We went down to see old mates Becki and John at their new place in Devon to brew a special beer, just because we could!  Called "Crystal Fumbles" there will only be a few casks and some bottles, but it's got some lovely hops in it!

Some brewers with ideas above their station should take note - not all collabs need to be about making money, getting noticed and sales... they can just be about seeing old friends, having a laugh and enjoying the brewday!









Monday, 27 February 2017

New member of the Hopcraft team!

I think a lot of people know this by now, but we've decided to come public with it.
Everyone, I'm sure, knows Sue Hayward and her longstanding links to Hopcraft, so it was a natural progression when she decided she'd like to join us for some sales, consultancy, collaborative brewing and other bits and bobs too....
So, here's hoping everyone will welcome her to the good ship Hopcraft and here's to lots of sales and the continuation of the Waen beers which have proved very popular so far.... and we might even celebrate by brewing a Waen beer which hasn't been seen for quite a while! 
Watch this space....

Tuesday, 7 February 2017

Would you drink this?

Well, obviously you wouldn't.  Even I wouldn't and I bloody love hops, but this is more foliage than beer for even me to drink!

You may be wondering just why I've got a glass (or a polycarb, much safer in a brewery!) of what looks like grass cuttings swimming in... let's not go there.  Well, this is what us brewing types call a "tank sample" and is the first beer out of the conditioning tank, taken as a sample from the "racking wand" (contraption used to fill casks) because you don't want to be wasting time filling nicely washed and sterilised casks with beer which is only fit to tip down the drain.... no, you want to taste and smell the finished beer first, the final QC checks if you will, before it gets passed for packaging, so this is a very important job.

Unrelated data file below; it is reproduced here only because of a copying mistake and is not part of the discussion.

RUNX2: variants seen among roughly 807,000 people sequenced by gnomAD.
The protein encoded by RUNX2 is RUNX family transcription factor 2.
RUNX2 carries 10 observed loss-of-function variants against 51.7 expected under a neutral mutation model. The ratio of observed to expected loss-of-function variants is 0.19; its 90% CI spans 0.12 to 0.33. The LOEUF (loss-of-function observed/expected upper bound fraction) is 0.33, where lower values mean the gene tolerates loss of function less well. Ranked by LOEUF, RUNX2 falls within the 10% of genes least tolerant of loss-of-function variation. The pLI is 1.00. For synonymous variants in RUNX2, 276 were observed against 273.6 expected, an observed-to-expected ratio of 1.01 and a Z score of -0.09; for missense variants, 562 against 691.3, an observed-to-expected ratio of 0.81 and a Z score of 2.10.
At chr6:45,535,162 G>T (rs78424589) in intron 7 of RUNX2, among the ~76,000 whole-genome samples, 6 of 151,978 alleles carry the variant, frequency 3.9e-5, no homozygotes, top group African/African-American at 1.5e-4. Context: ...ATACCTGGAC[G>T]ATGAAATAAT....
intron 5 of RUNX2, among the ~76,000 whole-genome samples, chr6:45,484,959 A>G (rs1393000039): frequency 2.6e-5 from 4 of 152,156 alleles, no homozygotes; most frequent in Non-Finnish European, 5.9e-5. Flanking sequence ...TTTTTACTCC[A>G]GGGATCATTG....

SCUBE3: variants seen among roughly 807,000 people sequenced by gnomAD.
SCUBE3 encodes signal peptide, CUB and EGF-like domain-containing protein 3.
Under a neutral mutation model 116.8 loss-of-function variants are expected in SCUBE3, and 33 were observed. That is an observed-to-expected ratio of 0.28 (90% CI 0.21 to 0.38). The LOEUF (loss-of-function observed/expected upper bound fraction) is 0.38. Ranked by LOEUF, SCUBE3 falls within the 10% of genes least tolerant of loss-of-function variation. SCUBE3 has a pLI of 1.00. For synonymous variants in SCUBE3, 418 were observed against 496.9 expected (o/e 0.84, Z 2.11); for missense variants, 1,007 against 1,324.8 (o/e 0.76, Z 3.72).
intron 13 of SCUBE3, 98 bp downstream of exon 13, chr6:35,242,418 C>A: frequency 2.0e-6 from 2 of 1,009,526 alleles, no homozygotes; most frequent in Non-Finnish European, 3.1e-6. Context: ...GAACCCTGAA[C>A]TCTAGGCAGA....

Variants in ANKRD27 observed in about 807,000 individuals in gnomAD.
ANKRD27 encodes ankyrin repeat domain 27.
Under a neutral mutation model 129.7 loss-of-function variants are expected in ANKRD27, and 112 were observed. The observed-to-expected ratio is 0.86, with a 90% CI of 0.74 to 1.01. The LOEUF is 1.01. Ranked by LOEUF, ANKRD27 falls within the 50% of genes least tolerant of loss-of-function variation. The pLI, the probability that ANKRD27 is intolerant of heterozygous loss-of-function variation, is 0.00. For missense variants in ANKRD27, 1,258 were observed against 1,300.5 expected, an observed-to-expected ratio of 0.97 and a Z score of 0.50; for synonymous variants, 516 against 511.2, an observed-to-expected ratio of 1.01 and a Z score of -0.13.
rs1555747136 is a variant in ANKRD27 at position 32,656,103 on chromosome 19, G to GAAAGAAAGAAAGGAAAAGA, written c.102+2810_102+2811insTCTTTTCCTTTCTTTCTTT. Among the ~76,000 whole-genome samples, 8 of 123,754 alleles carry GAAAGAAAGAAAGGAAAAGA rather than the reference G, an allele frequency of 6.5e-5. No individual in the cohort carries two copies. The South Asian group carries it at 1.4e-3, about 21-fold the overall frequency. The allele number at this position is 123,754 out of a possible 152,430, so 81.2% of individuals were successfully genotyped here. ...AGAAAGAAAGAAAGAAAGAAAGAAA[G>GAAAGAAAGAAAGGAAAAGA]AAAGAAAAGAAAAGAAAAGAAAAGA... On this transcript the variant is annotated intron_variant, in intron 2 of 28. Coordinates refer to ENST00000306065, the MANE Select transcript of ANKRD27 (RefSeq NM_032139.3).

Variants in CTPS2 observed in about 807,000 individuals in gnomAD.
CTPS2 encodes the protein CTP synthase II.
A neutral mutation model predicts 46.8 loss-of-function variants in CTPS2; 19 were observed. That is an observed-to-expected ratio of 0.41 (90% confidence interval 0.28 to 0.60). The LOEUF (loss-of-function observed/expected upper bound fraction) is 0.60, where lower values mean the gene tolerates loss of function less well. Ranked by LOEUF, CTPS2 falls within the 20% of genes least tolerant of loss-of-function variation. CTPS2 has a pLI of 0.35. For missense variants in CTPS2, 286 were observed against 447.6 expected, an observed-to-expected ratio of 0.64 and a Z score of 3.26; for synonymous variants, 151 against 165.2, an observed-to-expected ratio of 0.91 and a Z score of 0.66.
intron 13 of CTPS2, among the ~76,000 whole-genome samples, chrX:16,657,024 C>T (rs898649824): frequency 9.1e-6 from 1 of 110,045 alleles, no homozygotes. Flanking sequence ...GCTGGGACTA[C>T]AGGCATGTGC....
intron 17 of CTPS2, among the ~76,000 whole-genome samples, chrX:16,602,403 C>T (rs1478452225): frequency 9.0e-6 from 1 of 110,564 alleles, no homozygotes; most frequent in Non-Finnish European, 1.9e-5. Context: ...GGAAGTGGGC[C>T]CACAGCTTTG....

So, this is me QC'ing Waen Lemon Drizzle for casking.... obviously you can't take a mouthful, so you have to smell it first then strain some through your teeth!  Or, wait 5 minutes until the hops have settled and it's then a lot easier.... but who's got 5 minutes to spare, no us that's for sure!

All the hop debris and yeast settles out in the cask (aided by finings) so what you see at the bar - hopefully - doesn't resemble a tank sample, unless you're in a craft beer bar in London then it might look pretty similar to this...


Saturday, 4 February 2017

New clothing!

Well, it's about time.... we don't really do clothing as we don't have many options to sell it (we've not got time to post them out!) but we thought it was about time we had some more made as our brewing T-shirts and hoodies were showing signs of old age and, more worryingly, impending self-destruction....

So, here you go....  only for sale at the Brewery or, if arranged beforehand, from us at any meet the brewer / tap takeover / pub visit!  Just get in touch hops@hopcraftbrewing.co.uk to sort this out.

Front is the Hopcraft cog, back the new Soviet-esque design, guaranteed to annoy and confuse Cyrillic readers and professors of Russian history....



Collaboration with a difference.....

We've recently done a collaboration Sue from Waen along with the guys from Totally Brewed in Nottingham who, like us and Sue, aren't afraid of hops!

So, what better beer to brew, then, than a nougat porter???

We've used roasted rye to give a toasty, spicy edge and then added honey plus honey, chocolate and almond flavourings to give (what Gazza thinks for what that's worth) a beer which actually does smell and taste of nougat... well, honey at least!

There's not a lot of it about so get weaving if you want to try it!


Thursday, 26 January 2017

Look what's back!

Today we've rebrewed a beer which flew out last time, being a reserve SIBA cask champion medal winner, so with a new year's mission to keep more Waen beers on the list (and ours, obviously) we're cranking up production!

So, we give you Lemon Drizzle... a session beer with a big citrussy, lemony flavour.


Monday, 9 January 2017

Happy new beer!